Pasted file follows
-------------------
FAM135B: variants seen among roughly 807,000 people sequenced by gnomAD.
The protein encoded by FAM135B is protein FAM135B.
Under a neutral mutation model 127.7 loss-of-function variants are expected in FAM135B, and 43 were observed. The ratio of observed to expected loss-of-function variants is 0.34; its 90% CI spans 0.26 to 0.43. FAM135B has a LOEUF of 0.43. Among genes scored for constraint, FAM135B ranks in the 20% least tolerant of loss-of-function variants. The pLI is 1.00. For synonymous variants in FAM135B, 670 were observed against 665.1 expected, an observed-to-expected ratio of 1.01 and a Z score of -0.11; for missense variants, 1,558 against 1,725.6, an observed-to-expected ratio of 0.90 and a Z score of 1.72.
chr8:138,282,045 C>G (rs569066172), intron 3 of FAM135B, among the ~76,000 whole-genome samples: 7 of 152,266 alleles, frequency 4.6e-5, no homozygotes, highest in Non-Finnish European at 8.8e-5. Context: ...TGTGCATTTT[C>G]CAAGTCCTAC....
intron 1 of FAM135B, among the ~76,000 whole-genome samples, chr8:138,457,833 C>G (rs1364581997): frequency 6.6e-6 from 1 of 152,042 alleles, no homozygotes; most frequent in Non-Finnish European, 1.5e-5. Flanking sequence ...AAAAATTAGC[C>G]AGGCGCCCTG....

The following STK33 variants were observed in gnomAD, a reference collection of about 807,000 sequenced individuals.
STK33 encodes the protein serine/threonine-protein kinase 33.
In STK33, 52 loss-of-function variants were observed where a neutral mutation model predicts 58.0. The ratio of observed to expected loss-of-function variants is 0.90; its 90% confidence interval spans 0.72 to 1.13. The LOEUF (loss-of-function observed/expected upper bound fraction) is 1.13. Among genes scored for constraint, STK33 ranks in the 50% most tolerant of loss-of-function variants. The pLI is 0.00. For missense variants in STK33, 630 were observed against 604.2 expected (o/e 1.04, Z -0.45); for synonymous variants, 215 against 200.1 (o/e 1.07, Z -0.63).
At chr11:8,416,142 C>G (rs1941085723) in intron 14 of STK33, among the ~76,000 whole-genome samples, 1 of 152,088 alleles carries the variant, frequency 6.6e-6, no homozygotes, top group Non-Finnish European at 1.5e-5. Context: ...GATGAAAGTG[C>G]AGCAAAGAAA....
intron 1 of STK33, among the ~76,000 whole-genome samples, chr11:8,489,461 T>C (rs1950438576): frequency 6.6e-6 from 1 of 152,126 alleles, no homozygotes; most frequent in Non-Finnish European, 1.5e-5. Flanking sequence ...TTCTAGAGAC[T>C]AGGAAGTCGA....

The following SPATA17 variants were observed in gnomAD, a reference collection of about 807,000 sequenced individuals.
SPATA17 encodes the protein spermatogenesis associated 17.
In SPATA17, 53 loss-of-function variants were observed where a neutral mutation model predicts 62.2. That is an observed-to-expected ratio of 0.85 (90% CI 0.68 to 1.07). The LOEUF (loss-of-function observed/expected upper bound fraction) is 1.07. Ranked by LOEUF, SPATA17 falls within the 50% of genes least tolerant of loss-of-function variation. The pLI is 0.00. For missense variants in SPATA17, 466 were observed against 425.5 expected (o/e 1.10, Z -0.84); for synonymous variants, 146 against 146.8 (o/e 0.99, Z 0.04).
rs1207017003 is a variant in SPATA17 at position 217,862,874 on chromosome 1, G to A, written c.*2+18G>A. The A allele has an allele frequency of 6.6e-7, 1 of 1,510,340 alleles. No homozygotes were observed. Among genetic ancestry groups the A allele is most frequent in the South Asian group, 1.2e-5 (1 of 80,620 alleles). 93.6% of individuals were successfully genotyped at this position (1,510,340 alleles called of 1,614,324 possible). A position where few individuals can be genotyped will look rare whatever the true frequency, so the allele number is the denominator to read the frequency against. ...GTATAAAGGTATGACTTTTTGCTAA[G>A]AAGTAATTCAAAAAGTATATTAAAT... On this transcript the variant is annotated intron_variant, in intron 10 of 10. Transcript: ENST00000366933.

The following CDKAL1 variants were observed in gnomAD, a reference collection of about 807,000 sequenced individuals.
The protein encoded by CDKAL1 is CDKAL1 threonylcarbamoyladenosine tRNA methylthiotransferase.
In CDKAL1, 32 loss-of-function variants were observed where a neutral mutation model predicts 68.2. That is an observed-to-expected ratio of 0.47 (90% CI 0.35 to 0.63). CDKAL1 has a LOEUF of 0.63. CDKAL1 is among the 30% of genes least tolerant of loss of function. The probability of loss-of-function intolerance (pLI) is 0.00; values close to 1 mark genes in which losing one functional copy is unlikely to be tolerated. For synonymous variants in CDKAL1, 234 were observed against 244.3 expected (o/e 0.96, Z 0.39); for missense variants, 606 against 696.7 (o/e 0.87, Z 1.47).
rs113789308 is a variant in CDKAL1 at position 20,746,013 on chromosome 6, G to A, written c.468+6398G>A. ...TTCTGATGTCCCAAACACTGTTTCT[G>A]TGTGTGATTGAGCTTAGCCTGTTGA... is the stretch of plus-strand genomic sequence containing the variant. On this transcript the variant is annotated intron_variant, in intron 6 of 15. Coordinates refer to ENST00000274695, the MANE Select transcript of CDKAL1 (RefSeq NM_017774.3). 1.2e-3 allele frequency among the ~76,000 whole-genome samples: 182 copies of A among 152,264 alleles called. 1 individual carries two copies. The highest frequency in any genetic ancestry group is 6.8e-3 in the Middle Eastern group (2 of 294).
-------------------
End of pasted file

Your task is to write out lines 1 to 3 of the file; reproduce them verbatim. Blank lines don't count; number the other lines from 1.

FAM135B: variants seen among roughly 807,000 people sequenced by gnomAD.
The protein encoded by FAM135B is protein FAM135B.
Under a neutral mutation model 127.7 loss-of-function variants are expected in FAM135B, and 43 were observed. The ratio of observed to expected loss-of-function variants is 0.34; its 90% CI spans 0.26 to 0.43. FAM135B has a LOEUF of 0.43. Among genes scored for constraint, FAM135B ranks in the 20% least tolerant of loss-of-function variants. The pLI is 1.00. For synonymous variants in FAM135B, 670 were observed against 665.1 expected, an observed-to-expected ratio of 1.01 and a Z score of -0.11; for missense variants, 1,558 against 1,725.6, an observed-to-expected ratio of 0.90 and a Z score of 1.72.